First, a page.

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You'Ve Got Pes Planus?

July 3, 2017
Overview

Adult Acquired Flat Foot

A quarter of Americans have flat feet. While most people with flat feet don't have serious problems as a result, for some, flat feet can cause disabling foot pain as well as knee pain, shin splints, Achilles tendinitis, and plantar fasciitis. A person with foot or leg pain should pay particular attention to whether one foot is flatter than the other.

Causes

Fallen arches can be the result of other conditions such as overuse, stretching or tearing of the posterior tibial tendon (which attaches to a bone in the foot and runs up the calf of the lower leg at a tension which pulls up the arch) which reduces its ability to maintain tension in the tendon. Whether or not the condition is caused by overpronation, this is the likely outcome for runners, whose arches are no longer strong enough to take the constant strain of bearing the body?s weight on impact, causing joint, postural and muscular problems.

Symptoms

Fallen arches may induce pain in the heel, the inside of the arch, the ankle, and may even extend up the body into the leg (shin splints), knee, lower back and hip. You may also experience inflammation (swelling, redness, heat and pain) along the inside of the ankle (along the posterior tibial tendon). Additionally, you may notice some changes in the way your foot looks. Your ankle may begin to turn inward (pronate), causing the bottom of your heel to tilt outward. Other secondary symptoms may also show up as the condition progresses, such as hammertoes or bunions. You may also want to check your footprint after you step out of the shower. (It helps if you pretend you?re in a mystery novel, and you?re leaving wet, footprinty clues that will help crack the case.) Normally, you can see a clear imprint of the front of your foot (the ball and the toes) the heel, and the outside edge of your foot. There should be a gap (i.e. no footprinting) along the inside where your arches are. If your foot is flat, it?ll probably leave an imprint of the full bottom of your foot-no gap to be had. Your shoes may also be affected: because the ankle tilts somewhat with this condition, the heel of your shoes may become more worn on one side than another.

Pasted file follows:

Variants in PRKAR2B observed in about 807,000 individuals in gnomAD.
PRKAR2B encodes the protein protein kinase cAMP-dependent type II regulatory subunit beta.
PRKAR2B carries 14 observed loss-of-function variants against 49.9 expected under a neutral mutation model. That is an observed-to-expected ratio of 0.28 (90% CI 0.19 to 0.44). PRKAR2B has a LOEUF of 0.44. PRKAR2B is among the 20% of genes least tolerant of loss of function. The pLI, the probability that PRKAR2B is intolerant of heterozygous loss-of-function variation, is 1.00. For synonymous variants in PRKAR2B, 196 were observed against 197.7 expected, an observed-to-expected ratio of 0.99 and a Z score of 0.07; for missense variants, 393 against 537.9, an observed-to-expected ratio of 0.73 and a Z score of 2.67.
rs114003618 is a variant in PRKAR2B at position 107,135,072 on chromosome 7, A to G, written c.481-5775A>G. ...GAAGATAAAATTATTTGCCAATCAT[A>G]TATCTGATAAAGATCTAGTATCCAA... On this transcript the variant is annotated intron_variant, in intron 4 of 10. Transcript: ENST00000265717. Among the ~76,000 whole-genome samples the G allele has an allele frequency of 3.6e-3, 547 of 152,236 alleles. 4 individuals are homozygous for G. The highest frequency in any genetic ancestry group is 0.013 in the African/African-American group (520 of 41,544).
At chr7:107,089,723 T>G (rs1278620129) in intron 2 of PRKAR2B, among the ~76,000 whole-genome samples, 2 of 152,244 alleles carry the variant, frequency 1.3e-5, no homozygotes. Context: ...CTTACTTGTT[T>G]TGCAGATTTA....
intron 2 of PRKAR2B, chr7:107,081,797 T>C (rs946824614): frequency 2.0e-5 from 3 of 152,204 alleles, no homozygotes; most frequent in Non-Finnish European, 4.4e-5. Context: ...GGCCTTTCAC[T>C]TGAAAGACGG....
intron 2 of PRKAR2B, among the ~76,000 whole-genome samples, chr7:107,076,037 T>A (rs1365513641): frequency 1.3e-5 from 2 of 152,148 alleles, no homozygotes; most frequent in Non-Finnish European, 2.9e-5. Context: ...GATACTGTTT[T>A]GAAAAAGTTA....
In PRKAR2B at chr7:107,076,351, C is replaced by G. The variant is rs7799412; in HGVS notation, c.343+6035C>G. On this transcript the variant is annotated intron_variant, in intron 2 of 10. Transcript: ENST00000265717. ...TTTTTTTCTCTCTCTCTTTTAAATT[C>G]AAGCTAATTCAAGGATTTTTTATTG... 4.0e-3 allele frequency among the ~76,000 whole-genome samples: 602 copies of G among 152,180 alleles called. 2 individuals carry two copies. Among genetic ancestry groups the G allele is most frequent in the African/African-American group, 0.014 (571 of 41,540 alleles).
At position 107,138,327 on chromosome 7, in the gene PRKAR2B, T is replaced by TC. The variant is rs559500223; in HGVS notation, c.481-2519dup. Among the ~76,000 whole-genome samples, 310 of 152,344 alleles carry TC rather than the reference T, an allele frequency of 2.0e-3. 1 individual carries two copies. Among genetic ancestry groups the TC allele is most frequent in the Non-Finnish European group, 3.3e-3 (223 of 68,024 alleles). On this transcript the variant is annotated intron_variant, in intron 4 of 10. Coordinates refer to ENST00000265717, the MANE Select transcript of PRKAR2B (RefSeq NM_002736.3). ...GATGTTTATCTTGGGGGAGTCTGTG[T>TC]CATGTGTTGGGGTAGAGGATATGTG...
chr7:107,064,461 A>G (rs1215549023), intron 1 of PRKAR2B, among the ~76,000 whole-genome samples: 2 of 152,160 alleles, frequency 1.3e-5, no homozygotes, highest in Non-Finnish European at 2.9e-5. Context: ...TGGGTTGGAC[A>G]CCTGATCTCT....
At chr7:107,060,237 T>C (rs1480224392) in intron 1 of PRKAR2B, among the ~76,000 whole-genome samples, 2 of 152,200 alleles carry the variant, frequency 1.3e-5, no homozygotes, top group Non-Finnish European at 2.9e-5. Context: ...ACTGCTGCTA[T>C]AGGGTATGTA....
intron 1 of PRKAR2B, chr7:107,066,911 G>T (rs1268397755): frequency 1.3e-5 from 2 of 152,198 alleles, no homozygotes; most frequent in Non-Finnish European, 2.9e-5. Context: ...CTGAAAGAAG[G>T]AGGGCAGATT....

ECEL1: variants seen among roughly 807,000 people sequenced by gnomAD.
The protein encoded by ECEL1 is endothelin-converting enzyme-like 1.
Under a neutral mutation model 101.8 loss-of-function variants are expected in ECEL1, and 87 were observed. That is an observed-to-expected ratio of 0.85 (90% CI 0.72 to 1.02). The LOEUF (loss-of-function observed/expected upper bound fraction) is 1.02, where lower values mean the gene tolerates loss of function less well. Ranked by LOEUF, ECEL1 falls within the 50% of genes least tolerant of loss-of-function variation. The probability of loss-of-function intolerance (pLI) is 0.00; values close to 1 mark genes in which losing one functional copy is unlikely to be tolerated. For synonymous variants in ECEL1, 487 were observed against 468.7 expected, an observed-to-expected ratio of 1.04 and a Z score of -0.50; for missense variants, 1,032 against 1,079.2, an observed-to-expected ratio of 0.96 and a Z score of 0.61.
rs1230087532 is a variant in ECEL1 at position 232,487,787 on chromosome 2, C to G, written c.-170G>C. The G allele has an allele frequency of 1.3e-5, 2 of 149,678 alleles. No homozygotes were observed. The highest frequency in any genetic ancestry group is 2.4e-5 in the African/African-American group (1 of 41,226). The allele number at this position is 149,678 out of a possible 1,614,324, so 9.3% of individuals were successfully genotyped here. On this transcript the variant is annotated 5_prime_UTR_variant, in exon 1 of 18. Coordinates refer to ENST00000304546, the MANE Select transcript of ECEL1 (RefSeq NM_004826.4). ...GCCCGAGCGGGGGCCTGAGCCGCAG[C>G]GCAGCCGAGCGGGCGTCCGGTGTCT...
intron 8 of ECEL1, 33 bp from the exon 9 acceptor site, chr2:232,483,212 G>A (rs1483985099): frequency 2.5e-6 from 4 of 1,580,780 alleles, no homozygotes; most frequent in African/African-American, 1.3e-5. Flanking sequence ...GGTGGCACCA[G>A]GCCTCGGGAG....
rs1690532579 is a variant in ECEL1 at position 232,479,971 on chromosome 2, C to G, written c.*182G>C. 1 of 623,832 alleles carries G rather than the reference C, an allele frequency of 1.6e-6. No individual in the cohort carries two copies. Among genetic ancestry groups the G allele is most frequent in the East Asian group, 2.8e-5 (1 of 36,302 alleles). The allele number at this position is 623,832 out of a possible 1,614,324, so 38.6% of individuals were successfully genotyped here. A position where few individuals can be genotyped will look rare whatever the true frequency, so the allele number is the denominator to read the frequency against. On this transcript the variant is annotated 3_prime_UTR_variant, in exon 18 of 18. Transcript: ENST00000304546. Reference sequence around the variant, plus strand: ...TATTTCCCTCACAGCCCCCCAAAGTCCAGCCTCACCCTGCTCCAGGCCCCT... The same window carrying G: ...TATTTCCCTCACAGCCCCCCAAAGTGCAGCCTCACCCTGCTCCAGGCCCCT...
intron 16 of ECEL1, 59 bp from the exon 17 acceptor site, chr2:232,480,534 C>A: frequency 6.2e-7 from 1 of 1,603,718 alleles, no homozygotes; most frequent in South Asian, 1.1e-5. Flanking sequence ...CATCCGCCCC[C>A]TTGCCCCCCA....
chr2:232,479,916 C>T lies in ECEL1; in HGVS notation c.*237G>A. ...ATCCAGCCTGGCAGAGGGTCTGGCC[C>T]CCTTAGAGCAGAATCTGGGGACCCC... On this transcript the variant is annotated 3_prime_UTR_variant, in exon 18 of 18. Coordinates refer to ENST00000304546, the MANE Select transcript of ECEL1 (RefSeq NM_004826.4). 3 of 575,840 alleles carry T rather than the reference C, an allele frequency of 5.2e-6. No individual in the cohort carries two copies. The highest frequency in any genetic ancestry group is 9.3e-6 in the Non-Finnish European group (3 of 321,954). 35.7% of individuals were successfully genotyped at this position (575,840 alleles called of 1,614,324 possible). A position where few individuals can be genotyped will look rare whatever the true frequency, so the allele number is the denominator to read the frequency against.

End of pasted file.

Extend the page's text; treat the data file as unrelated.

Diagnosis

Diagnosis of flat feet or fallen arches can be made by your health practitioner and is based on the following. Clinical assessment involving visual gait assessment, as well as biomechanical assessment. A detailed family and medical history. A pain history assessment determining the location of painful symptoms. Physical palpation of the feet and painful areas. Imaging such as MRI or x-ray can be used by your practitioner to assist in the diagnosis.

What is PES Planovalgus deformity?

Non Surgical Treatment